Location

Chicago, Illinois

Session Start Date

4-29-2013

Session End Date

5-4-2013

Abstract

The floors and non load bearing walls of a house, having expansive black cotton soil underneath, have been repaired by two methods. A part of the damaged house floors and walls were repaired by the conventional method i.e. removing the expansive soil completely and replacing with non expansive granular material. The remaining part was repaired by integrated approach as described later by Jain and Mewade (2010). The Jain and Mewade (2010) approach consists of removing the expansive soil underneath the damaged floor by about 0.5m, making 50mm diameter, 1m deep holes at 0.75m centre to centre and filling lime slurry in the holes. The broken floor debris and non expansive soil was then filled up to the floor base level and the cement concrete floor was reconstructed. The floor constructed by removal of expansive soil by 1.5m depth in the first method and partial removal and making lime piles in the second method are performing well with no sign of settlement or unevenness any where. The paper presents the success story of one such house repaired by these methods in the year 2008. The second method requires only partial removal and replacement of problematic soil beneath the floor and therefore is fast and economical in comparison to conventional method.

Department(s)

Civil, Architectural and Environmental Engineering

Appears In

International Conference on Case Histories in Geotechnical Engineering

Meeting Name

Seventh Conference

Publisher

Missouri University of Science and Technology

Publication Date

4-29-2013

Document Version

Final Version

Rights

© 2013 Missouri University of Science and Technology, All rights reserved.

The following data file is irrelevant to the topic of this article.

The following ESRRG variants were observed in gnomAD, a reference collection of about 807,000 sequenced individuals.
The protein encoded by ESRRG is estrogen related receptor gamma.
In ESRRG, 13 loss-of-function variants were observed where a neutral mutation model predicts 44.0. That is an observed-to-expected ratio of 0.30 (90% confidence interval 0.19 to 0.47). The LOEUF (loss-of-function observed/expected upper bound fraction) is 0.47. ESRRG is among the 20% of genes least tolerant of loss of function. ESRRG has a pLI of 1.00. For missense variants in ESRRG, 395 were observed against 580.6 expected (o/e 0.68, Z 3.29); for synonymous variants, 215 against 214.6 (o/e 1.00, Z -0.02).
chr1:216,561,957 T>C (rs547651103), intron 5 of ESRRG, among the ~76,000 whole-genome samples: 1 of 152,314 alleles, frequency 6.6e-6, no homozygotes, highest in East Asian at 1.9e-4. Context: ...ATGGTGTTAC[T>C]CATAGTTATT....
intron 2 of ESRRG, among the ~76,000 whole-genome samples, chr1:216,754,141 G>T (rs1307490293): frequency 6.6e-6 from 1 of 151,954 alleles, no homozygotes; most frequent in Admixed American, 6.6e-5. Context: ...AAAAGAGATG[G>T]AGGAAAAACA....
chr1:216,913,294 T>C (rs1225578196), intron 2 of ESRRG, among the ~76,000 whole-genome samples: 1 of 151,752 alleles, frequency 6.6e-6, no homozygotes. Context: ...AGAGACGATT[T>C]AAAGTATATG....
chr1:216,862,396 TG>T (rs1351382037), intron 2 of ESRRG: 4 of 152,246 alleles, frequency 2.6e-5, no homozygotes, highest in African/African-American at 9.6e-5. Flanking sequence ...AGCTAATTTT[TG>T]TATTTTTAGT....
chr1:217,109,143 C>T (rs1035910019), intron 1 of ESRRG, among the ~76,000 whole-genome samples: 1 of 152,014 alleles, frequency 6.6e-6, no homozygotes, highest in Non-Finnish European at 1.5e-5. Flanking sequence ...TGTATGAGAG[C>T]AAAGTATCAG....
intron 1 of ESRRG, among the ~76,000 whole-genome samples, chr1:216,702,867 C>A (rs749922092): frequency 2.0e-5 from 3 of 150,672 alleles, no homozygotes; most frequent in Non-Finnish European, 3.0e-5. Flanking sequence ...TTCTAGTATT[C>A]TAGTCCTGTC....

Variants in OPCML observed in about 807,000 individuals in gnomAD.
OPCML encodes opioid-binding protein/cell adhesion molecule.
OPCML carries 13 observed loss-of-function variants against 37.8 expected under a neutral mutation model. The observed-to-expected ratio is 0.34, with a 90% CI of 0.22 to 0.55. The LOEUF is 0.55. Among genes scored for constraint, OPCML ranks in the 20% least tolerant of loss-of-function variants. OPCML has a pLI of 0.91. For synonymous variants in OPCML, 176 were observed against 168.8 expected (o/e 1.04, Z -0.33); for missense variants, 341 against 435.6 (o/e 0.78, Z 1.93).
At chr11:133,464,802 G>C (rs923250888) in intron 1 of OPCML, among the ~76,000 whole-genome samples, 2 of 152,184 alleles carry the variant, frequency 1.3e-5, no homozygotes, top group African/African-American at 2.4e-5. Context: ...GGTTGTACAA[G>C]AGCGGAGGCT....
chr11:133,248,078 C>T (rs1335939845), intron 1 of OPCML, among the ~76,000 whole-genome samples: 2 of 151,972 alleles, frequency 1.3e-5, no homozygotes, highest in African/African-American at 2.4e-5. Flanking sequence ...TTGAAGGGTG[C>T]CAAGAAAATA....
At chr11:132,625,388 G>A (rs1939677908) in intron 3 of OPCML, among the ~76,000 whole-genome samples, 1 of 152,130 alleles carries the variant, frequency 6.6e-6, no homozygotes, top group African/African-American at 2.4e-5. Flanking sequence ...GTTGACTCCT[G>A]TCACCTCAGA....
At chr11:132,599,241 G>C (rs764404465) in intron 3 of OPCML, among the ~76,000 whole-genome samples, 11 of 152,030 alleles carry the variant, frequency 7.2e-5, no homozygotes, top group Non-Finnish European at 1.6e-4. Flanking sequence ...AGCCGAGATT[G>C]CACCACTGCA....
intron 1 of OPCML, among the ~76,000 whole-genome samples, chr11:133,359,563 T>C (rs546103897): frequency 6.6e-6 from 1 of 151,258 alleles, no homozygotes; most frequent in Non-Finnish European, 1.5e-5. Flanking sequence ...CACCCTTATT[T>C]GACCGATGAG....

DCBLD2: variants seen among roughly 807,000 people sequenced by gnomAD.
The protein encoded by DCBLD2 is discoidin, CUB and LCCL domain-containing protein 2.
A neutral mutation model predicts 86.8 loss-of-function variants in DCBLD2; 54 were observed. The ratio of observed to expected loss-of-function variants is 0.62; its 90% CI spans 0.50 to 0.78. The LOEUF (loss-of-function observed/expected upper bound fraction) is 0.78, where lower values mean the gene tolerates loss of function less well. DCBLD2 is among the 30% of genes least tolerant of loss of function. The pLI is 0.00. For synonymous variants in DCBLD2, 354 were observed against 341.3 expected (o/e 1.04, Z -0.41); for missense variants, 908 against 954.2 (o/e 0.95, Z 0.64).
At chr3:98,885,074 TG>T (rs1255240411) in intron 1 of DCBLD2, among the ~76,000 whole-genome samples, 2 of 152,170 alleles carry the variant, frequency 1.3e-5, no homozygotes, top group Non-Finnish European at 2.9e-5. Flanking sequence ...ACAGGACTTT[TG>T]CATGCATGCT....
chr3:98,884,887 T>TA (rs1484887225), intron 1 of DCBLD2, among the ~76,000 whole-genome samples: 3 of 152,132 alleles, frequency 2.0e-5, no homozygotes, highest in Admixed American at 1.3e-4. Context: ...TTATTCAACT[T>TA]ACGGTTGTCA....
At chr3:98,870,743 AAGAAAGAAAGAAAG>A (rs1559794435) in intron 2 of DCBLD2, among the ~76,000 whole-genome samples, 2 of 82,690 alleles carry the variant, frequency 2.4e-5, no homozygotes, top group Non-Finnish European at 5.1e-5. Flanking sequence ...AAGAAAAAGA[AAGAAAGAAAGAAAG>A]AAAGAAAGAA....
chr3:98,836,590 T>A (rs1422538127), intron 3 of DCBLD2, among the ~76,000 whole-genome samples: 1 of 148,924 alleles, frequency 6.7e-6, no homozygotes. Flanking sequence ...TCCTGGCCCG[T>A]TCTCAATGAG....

Document Type

Article - Conference proceedings

File Type

text

Language

English

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Apr 29th, 12:00 AM May 4th, 12:00 AM

Repair of Sunken Floor by Integrated Approach: A Case Study

Chicago, Illinois

The floors and non load bearing walls of a house, having expansive black cotton soil underneath, have been repaired by two methods. A part of the damaged house floors and walls were repaired by the conventional method i.e. removing the expansive soil completely and replacing with non expansive granular material. The remaining part was repaired by integrated approach as described later by Jain and Mewade (2010). The Jain and Mewade (2010) approach consists of removing the expansive soil underneath the damaged floor by about 0.5m, making 50mm diameter, 1m deep holes at 0.75m centre to centre and filling lime slurry in the holes. The broken floor debris and non expansive soil was then filled up to the floor base level and the cement concrete floor was reconstructed. The floor constructed by removal of expansive soil by 1.5m depth in the first method and partial removal and making lime piles in the second method are performing well with no sign of settlement or unevenness any where. The paper presents the success story of one such house repaired by these methods in the year 2008. The second method requires only partial removal and replacement of problematic soil beneath the floor and therefore is fast and economical in comparison to conventional method.